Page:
Tuesday, 10 August 2010

Cool as fuck: the best bands of Madchester



Of all the musical movements to impact on football, the Factory Records driven Madchester can probably claim to be the most important.

Thanks to bands like the Happy Mondays, the Stone Roses and Primal Scream, purveyors of traditional guitar led music began experimenting with dance loops and drum beats.

The super club followed, Acid House took hold and a procession of football lads Bez'd their way from the terraces to the dance floors - with a little chemical inspiration paving the way.

A short summary perhaps, but you get the gist.

But who were the big boys of Baggy? The main men of Madchester? Read on for my top five. Although be warned. They don't all come from Manchester...

Five: Electronic.

The phrase super group is enough to conjure up images of ageing rockers, riffing Status Quo's back catalogue to death, but in 1988 Bernard Sumner (he of Joy Division and New Order fame) joined forces with Johnny Marr (Smiths' super-strummer extraordinaire). Not only that, the pair then hit the studio with Pet Shop Boys Neil Tennant and Chris Lowe. The result? A couple of classic, timeless tracks - albeit sandwiched in among long periods of inactivity.
The band's eponymous 1991 release is criminally under apperciated high point of the genre.
Best track: Getting Away With It - if only for the Spanish guitar.

Four: Primal Scream.

For a band forged in Glasgow and formed in London to make it into a Madchester top five speaks volumes for their credibility.
Among those acts at the forefront of the E culture which engulfed the North West (and just about everywhere else in the months that followed), Primal Scream were as baggy as they came.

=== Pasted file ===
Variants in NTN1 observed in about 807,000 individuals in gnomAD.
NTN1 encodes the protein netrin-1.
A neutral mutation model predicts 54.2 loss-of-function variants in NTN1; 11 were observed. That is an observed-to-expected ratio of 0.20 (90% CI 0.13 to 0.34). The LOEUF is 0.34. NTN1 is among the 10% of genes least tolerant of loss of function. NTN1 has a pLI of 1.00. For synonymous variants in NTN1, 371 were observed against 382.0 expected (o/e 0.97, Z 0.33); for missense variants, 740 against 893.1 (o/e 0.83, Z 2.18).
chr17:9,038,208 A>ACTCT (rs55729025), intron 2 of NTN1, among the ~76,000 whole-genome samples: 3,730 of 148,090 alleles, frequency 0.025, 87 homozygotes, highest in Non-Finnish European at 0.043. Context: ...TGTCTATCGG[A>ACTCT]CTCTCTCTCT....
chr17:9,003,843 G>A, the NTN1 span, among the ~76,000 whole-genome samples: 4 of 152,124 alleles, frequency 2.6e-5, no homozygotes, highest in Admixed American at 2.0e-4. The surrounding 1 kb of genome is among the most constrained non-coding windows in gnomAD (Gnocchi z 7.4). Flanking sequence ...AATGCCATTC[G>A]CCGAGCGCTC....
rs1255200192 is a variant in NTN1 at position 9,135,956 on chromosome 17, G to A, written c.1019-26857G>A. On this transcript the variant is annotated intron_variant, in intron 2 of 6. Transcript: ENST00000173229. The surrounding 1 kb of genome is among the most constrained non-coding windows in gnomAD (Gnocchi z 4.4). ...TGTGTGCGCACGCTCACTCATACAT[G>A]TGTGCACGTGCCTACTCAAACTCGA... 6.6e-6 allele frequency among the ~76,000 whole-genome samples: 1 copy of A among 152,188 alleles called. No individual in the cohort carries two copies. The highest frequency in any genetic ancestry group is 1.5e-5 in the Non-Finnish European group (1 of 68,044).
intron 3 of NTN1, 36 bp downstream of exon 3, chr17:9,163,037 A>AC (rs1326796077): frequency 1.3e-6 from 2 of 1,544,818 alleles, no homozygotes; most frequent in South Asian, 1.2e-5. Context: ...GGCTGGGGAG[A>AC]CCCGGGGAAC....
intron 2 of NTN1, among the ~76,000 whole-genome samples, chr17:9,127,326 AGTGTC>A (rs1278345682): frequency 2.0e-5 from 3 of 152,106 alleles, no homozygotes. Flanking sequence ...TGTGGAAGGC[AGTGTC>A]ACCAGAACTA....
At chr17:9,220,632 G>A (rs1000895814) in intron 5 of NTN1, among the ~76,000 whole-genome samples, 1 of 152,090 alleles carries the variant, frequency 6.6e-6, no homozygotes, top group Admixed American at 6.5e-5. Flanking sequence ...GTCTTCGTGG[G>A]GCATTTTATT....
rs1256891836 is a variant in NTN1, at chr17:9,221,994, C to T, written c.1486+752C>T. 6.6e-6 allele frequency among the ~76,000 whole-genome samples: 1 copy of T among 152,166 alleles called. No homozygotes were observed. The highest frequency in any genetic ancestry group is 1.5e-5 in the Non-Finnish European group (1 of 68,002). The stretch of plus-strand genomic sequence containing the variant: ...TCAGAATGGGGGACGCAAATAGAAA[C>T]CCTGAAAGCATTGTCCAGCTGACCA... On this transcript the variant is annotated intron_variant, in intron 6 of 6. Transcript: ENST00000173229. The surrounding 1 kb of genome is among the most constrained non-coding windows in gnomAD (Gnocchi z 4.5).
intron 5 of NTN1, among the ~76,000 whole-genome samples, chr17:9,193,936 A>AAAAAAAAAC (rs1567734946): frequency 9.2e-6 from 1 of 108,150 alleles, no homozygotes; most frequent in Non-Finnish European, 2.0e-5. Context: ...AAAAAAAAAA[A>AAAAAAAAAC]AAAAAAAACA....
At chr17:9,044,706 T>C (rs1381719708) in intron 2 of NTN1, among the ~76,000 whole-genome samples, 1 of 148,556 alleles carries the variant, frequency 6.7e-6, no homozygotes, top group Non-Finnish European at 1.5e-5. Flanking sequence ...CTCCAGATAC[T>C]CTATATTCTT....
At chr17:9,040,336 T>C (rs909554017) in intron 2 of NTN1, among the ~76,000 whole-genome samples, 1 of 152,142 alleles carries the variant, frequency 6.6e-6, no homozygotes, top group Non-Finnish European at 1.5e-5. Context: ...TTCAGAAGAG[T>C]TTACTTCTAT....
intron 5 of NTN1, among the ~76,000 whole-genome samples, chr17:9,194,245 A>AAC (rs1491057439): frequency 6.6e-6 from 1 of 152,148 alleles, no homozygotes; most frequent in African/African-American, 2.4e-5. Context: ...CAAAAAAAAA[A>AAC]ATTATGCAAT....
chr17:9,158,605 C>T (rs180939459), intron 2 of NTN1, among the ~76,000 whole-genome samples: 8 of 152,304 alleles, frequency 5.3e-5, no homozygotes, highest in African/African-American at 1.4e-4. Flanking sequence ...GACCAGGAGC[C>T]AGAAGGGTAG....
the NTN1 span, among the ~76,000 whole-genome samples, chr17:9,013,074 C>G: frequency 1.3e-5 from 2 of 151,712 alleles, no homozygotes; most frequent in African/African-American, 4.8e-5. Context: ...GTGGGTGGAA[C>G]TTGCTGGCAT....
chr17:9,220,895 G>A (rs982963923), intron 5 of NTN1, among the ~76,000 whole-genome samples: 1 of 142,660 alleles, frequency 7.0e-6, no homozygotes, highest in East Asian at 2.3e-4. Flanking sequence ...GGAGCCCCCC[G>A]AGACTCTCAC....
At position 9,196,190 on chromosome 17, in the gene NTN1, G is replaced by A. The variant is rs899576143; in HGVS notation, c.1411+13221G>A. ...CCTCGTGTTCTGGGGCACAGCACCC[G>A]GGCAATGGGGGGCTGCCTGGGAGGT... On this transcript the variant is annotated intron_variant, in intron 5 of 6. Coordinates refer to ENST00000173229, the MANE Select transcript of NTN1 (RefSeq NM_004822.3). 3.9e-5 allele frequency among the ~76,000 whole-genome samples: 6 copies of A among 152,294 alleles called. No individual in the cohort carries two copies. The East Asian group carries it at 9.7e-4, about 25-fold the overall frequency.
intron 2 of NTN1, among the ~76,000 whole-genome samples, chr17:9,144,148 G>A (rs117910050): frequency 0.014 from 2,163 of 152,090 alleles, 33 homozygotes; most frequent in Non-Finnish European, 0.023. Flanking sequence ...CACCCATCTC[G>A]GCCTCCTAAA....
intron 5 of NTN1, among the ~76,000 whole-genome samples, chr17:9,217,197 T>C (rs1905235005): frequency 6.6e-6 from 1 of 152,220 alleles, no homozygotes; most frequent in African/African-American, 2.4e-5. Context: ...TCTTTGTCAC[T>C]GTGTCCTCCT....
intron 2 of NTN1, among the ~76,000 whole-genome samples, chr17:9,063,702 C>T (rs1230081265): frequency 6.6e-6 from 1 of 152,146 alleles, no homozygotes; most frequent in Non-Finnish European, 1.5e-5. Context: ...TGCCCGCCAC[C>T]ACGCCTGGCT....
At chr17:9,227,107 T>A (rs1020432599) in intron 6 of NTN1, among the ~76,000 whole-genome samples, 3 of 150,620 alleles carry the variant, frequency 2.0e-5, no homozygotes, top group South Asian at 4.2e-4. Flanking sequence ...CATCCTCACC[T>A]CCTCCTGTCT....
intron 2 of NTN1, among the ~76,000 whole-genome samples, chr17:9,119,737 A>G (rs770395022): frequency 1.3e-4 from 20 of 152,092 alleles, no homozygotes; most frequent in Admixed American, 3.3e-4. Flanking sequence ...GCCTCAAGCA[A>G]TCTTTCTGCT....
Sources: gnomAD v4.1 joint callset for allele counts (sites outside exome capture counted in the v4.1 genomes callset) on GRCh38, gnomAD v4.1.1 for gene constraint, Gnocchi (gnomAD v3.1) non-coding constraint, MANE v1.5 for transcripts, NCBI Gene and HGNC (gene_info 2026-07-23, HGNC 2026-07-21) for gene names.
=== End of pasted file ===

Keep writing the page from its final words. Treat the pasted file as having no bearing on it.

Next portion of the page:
A key point came when producer Andrew Weatherall slapped a sample from Richard Rush's 1960s hippy flick Pysche-Out onto Scream's I'm Losing More Than I'll Ever Have.
The hugely reworked track became the band's quintessential record, Loaded, and acid house had an anthem.
Best track: Loaded. Random but cool film reference? Check. Space-out repetitive loop? Check. Good times aplenty...

Three: Inspiral Carpets.

"This is how it feels to be lonely," whined the Inspiral's Tom Hingley. "This is how it feels to be small." The fact that the whole country was hugging in nightclubs only made the impact of the Inspiral's stand-out track all the stronger. Madchester, it seems, could even make misery and abandonment sound beautiful.
The band also opted to keep Noel Gallagher as a roadie rather than a guitarist...blah blah blah. Everyone knows that story. Not everyone knows that the band's 1988 Planecrash album was enthusiastically endorsed by then Oldham supremo Joe Royle.
Best track: Has to be This Is How It Feels.

Two: The Stone Roses.

Just like another Manchester band would later find out, following up one of the best debut albums of all time is a tricky thing to pull off. The Stone Roses, like Oasis, didn't ever manage it.
But the fact the band never again reached the heights of their self-named debut is neither here nor there. In fact, it would probably have been very un-Madchester of them if they had managed it.
What IS important though is the direction that first album hawled British music in. Just as Primal Scream owe a debt to Andrew Weatherall, so the Roses were helped hugely by the production genius of John Leckie. He couldn't polish a musical turd anymore than the next man though, and as well as the tempestuous and oft sparring talents of John Squire and Ian Brown, bass-player Mani spearheaded a rhythm section which would re-write the rule-book.
Best track: So many to choose from. Waterfall will always be a cross-over club classic.

And at number one in the Madchester hit parade?

Who else could it be but the Happy Mondays? (and no, before you say it, Joy Division, New Order and Oasis were NOT Madchester. And James were shit).
Quite simply without Shaun and the Gang, there would be no Madchester. There would be no dance music as we know it. And for many, there would be no point.
A much-maligned and misunderstood genius, Ryder was an everyman icon as adebt at using words to describe his surroundings as any famed romantic poet.
Together with the Mondays, Ryder not only changed the face of music, but the face of Britain. A truly great band who re-invented the rock star in their own image.
Not just the best Madchester band - but the heart of the entire scene.
Best track: Halelujah. Close your eyes, listen to it, and hear music moving from the stage and onto the decks.

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